By Peggy Qualls, Community Relations Manager — Kendal at Granville
Many people realize that a Life Plan community fits well with personal goals for an independent lifestyle, financial predictability and security—including freedom from worry about future long-term care costs. The next step? Determine which contract type is best for you!
There are advantages and disadvantages for each contract type, so it is important to understand the differences among the options. But first, let’s review the basics of how Life Plan Communities are structured, for this differs from other types of housing or care facilities.
According to the IRS website under Elderly Housing:
Continuing Plan Retirement Communities (CCRC) offer seniors a facility that combines housing, services (such as maintenance, meals, housekeeping), and health care, allowing seniors to enjoy a private residential lifestyle with the opportunity of independence and the assurances of long-term health care. Unlike other types of housing, a CCRC provides a commitment to take care of residents regardless of any changes in their health, for as long as they reside in the community. Within the CCRC, there are three types of care available, providing a phased approach to elderly living accommodations: 1. Independent living, in which the person lives on their own in an apartment or cottage-style housing; 2. Assisted-living, offering some level of assistance for residents; and 3. Skilled nursing care, for residents whose health is deteriorating. This type of community is sometimes referred to as a Life Plan community because of the opportunity for the continuum of care.
Life Plan communities assume different levels of financial risk for the cost of residents’ services. How that risk is shared with residents is defined by the Life Plan Contract. Normally, these are lifetime contracts between the community and the individual residents. CCRCs, the precursor of today’s Life Plan Communities like Kendal at Granville, have long recognized three broad categories of care contracts.
Type A (Traditional, Extensive, Full Risk)
In the Traditional (Type A) contract, the Life Plan community assumes the financial risk for covering the cost of long-term care, except those costs that may be reimbursed by third parties such as Medicare. This type of contract generally requires a one-time Entrance Fee, as well as a Monthly Fee. These fees include prepayment for long-term care costs, similar to an insurance arrangement. Because of this prepaid health care, there is the opportunity for significant tax savings. The Monthly Fee may increase based on changes in operating costs and inflation adjustments. Typically the most expensive of the three options, the Type A contract offers the resident assurance of coverage for future health care needs and costs.
Type B (Modified, Limited Services)
These contracts identify the pre-defined conditions and circumstances where the Life Plan Community is at partial financial risk for the costs of long-term care. Modified (Type B) Agreements offer the same access to health care as extensive agreements; however, the financial risk of long-term care is shared between the resident and the community. The community pays some but not all of the costs of long-term care services for residents beyond those reimbursed by third parties such as Medicare. Financial risk to the Life Plan Community is limited by a cap on the amount of long-term care services for which the community will pay. A specified maximum number of days of long-term nursing care are normally provided within the contract at no additional cost. However, once the resident has reached the contract cap, the resident is at full risk for the cost of additional long-term care services. Residents will normally pay an Entry Fee and Monthly Fee, which are generally lower than the Type A contract arrangements. Monthly Fees may increase as levels of care increase, and/or residents may receive a discounted rate over the current market pricing for their long-term care. Type B contracts are typically less expensive than Type A but provide no assurance to the resident against the possibility of significant increase in future health care expenses.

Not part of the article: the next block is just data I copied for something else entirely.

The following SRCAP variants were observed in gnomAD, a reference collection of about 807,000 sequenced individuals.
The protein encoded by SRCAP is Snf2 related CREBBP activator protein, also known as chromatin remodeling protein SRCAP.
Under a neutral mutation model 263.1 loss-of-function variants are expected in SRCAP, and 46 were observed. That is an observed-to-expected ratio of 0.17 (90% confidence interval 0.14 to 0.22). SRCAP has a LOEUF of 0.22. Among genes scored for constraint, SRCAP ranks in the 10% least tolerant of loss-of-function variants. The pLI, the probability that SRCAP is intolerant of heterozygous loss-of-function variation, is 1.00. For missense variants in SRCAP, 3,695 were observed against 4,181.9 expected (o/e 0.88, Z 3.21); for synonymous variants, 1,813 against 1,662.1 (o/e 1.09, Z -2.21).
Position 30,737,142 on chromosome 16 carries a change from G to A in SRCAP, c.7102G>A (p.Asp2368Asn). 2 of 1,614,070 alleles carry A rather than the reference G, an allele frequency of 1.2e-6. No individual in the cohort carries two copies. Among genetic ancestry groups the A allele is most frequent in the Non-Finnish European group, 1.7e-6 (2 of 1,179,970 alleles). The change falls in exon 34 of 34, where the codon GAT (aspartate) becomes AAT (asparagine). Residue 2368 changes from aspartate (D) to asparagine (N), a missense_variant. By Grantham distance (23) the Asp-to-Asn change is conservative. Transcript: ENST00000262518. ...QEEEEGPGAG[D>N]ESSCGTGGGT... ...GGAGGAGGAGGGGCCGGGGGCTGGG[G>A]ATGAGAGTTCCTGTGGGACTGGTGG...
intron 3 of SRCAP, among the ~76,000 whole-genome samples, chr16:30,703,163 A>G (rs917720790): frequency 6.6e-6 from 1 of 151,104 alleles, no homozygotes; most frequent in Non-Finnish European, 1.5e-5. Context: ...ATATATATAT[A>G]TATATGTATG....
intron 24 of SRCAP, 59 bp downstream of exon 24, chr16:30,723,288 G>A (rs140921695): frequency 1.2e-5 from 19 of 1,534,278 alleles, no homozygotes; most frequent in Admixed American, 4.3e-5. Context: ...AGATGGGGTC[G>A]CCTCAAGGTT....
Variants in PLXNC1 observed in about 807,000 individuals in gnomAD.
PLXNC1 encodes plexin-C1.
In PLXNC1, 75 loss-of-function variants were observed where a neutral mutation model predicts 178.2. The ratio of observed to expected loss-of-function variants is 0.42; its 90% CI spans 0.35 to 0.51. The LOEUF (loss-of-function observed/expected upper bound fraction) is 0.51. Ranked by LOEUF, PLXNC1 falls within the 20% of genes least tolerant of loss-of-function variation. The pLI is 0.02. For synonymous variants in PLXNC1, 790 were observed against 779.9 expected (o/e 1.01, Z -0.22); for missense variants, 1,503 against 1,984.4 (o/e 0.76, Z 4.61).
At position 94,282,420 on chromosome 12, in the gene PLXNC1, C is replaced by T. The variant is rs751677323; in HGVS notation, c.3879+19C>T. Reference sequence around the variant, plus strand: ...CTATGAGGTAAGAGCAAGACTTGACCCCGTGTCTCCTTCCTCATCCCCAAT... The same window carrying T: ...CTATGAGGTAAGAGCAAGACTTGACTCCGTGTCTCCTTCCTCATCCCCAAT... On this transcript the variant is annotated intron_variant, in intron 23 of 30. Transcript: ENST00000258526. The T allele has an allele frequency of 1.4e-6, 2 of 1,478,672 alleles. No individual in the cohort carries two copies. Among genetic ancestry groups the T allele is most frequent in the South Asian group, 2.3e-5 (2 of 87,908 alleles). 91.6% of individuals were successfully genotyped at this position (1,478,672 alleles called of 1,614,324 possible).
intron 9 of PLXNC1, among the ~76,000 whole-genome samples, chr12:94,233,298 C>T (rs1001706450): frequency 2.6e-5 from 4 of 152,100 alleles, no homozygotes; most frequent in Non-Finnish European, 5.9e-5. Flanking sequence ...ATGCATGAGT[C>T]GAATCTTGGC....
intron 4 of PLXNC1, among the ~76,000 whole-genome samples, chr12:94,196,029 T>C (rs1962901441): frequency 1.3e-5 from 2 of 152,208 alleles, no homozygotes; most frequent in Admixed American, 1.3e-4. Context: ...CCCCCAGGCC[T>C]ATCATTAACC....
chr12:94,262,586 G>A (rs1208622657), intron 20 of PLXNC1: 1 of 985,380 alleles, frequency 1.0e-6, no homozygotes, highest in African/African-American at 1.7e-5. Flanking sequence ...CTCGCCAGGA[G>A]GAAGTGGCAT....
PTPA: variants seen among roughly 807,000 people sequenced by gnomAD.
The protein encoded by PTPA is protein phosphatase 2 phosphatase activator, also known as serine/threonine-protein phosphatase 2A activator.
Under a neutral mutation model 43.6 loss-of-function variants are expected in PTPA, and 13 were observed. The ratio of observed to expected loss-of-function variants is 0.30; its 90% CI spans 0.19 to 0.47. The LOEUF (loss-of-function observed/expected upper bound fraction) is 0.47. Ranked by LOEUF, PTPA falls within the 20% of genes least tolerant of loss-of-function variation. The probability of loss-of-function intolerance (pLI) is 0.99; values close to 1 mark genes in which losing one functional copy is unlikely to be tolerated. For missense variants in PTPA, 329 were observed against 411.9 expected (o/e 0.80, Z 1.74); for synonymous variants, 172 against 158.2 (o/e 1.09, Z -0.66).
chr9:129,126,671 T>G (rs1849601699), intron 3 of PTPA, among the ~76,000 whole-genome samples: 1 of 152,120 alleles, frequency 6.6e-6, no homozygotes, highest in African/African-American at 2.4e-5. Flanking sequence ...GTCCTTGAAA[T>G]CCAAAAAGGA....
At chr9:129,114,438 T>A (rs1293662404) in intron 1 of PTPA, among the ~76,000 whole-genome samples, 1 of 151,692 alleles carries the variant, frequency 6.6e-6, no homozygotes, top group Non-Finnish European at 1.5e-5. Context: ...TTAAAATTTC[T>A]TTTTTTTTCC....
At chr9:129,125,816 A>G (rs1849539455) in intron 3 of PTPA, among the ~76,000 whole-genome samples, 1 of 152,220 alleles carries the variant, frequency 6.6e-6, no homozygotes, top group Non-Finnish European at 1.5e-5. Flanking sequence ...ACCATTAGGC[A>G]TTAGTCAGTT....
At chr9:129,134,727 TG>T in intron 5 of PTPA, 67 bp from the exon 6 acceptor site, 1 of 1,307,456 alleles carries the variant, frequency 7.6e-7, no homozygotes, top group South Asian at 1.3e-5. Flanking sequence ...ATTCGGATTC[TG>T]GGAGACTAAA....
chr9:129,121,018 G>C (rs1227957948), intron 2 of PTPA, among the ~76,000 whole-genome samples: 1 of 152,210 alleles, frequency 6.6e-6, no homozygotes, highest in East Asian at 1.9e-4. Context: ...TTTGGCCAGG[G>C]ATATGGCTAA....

Type C (Non-Traditional)
In this arrangement, Life Plan Communities are not at risk for the cost of long-term care services. Residents have access to the full spectrum of care provided within the Life Plan Community, but the residents are fully responsible for all costs of health care when and if they are needed, without the benefit of resident discounts or any free long-term care days. These types of arrangements require residents to pay for services they use through a combination of an Entry Fee and a Monthly Fee (Type C) or a strictly rental agreement with only a Monthly Fee, Type D (Rental). These contract types offer lower fees up front as the resident is assuming all the risk for long-term care expenses. Obviously, Monthly Fees escalate as one utilizes a higher level of care and service. Type C and D contracts are less expensive than Type A and B contracts, because they oblige the resident to meet health care costs through other means (such as long-term care insurance or personal savings).
The most significant advantage of all these agreement types is the simplest of all: peace of mind. By belonging to a community where a full continuum of services is available, you and your family are assured that arrangements for future health care are already in place, even in a moment of crisis.
Reprinted from the Kendal.org website: Types of Life Plan Community Contracts